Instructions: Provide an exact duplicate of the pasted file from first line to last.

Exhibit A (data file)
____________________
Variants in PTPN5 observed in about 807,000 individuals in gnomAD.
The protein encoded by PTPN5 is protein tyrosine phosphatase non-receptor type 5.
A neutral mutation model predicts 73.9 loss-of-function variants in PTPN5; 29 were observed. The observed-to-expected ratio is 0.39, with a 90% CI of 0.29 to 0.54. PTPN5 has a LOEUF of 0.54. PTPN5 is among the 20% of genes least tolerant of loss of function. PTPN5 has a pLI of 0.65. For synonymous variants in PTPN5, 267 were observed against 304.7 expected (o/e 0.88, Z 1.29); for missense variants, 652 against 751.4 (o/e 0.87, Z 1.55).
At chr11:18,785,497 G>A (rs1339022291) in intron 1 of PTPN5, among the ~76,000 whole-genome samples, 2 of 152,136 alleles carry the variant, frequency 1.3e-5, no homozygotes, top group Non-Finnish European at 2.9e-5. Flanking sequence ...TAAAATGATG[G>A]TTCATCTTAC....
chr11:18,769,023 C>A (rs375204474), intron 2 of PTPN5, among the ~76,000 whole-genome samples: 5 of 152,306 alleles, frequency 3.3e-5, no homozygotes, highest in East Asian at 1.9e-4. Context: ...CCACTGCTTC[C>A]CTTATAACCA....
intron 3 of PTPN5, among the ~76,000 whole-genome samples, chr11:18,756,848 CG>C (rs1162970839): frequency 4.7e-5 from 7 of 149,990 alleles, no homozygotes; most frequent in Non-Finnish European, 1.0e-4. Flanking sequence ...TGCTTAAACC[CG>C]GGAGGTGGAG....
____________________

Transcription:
Variants in PTPN5 observed in about 807,000 individuals in gnomAD.
The protein encoded by PTPN5 is protein tyrosine phosphatase non-receptor type 5.
A neutral mutation model predicts 73.9 loss-of-function variants in PTPN5; 29 were observed. The observed-to-expected ratio is 0.39, with a 90% CI of 0.29 to 0.54. PTPN5 has a LOEUF of 0.54. PTPN5 is among the 20% of genes least tolerant of loss of function. PTPN5 has a pLI of 0.65. For synonymous variants in PTPN5, 267 were observed against 304.7 expected (o/e 0.88, Z 1.29); for missense variants, 652 against 751.4 (o/e 0.87, Z 1.55).
At chr11:18,785,497 G>A (rs1339022291) in intron 1 of PTPN5, among the ~76,000 whole-genome samples, 2 of 152,136 alleles carry the variant, frequency 1.3e-5, no homozygotes, top group Non-Finnish European at 2.9e-5. Flanking sequence ...TAAAATGATG[G>A]TTCATCTTAC....
chr11:18,769,023 C>A (rs375204474), intron 2 of PTPN5, among the ~76,000 whole-genome samples: 5 of 152,306 alleles, frequency 3.3e-5, no homozygotes, highest in East Asian at 1.9e-4. Context: ...CCACTGCTTC[C>A]CTTATAACCA....
intron 3 of PTPN5, among the ~76,000 whole-genome samples, chr11:18,756,848 CG>C (rs1162970839): frequency 4.7e-5 from 7 of 149,990 alleles, no homozygotes; most frequent in Non-Finnish European, 1.0e-4. Flanking sequence ...TGCTTAAACC[CG>C]GGAGGTGGAG....